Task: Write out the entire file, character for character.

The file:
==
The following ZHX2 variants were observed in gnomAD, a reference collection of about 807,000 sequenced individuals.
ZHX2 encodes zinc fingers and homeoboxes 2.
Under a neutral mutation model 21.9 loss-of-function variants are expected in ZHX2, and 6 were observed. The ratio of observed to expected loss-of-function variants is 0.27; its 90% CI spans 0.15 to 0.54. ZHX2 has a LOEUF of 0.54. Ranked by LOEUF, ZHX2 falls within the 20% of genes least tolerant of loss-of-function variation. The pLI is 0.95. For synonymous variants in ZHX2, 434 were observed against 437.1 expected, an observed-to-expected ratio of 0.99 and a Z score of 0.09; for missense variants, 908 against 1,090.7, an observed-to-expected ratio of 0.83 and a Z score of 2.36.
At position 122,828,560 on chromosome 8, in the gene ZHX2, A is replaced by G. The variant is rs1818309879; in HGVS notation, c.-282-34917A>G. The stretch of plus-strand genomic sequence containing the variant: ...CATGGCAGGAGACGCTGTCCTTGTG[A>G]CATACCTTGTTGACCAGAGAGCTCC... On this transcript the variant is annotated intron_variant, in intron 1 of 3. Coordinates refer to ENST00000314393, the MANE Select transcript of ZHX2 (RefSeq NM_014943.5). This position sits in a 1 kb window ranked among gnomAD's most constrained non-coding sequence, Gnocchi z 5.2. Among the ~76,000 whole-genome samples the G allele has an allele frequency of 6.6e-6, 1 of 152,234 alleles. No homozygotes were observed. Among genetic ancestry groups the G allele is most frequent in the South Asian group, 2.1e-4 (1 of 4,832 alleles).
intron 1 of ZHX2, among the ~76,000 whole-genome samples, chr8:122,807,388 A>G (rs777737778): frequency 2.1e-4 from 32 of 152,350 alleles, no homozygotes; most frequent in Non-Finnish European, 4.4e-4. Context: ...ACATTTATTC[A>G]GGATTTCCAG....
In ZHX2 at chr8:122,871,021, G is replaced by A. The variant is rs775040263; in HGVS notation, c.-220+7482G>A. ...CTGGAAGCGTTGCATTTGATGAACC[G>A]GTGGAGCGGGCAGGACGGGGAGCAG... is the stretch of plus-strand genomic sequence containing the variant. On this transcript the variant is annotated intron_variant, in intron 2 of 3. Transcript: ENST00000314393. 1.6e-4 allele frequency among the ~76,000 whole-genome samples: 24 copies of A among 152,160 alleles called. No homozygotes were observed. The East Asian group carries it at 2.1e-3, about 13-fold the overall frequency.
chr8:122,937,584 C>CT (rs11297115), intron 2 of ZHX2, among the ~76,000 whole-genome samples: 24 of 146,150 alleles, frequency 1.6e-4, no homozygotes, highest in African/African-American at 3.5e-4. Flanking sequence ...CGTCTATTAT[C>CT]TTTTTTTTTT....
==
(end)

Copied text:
The following ZHX2 variants were observed in gnomAD, a reference collection of about 807,000 sequenced individuals.
ZHX2 encodes zinc fingers and homeoboxes 2.
Under a neutral mutation model 21.9 loss-of-function variants are expected in ZHX2, and 6 were observed. The ratio of observed to expected loss-of-function variants is 0.27; its 90% CI spans 0.15 to 0.54. ZHX2 has a LOEUF of 0.54. Ranked by LOEUF, ZHX2 falls within the 20% of genes least tolerant of loss-of-function variation. The pLI is 0.95. For synonymous variants in ZHX2, 434 were observed against 437.1 expected, an observed-to-expected ratio of 0.99 and a Z score of 0.09; for missense variants, 908 against 1,090.7, an observed-to-expected ratio of 0.83 and a Z score of 2.36.
At position 122,828,560 on chromosome 8, in the gene ZHX2, A is replaced by G. The variant is rs1818309879; in HGVS notation, c.-282-34917A>G. The stretch of plus-strand genomic sequence containing the variant: ...CATGGCAGGAGACGCTGTCCTTGTG[A>G]CATACCTTGTTGACCAGAGAGCTCC... On this transcript the variant is annotated intron_variant, in intron 1 of 3. Coordinates refer to ENST00000314393, the MANE Select transcript of ZHX2 (RefSeq NM_014943.5). This position sits in a 1 kb window ranked among gnomAD's most constrained non-coding sequence, Gnocchi z 5.2. Among the ~76,000 whole-genome samples the G allele has an allele frequency of 6.6e-6, 1 of 152,234 alleles. No homozygotes were observed. Among genetic ancestry groups the G allele is most frequent in the South Asian group, 2.1e-4 (1 of 4,832 alleles).
intron 1 of ZHX2, among the ~76,000 whole-genome samples, chr8:122,807,388 A>G (rs777737778): frequency 2.1e-4 from 32 of 152,350 alleles, no homozygotes; most frequent in Non-Finnish European, 4.4e-4. Context: ...ACATTTATTC[A>G]GGATTTCCAG....
In ZHX2 at chr8:122,871,021, G is replaced by A. The variant is rs775040263; in HGVS notation, c.-220+7482G>A. ...CTGGAAGCGTTGCATTTGATGAACC[G>A]GTGGAGCGGGCAGGACGGGGAGCAG... is the stretch of plus-strand genomic sequence containing the variant. On this transcript the variant is annotated intron_variant, in intron 2 of 3. Transcript: ENST00000314393. 1.6e-4 allele frequency among the ~76,000 whole-genome samples: 24 copies of A among 152,160 alleles called. No homozygotes were observed. The East Asian group carries it at 2.1e-3, about 13-fold the overall frequency.
chr8:122,937,584 C>CT (rs11297115), intron 2 of ZHX2, among the ~76,000 whole-genome samples: 24 of 146,150 alleles, frequency 1.6e-4, no homozygotes, highest in African/African-American at 3.5e-4. Flanking sequence ...CGTCTATTAT[C>CT]TTTTTTTTTT....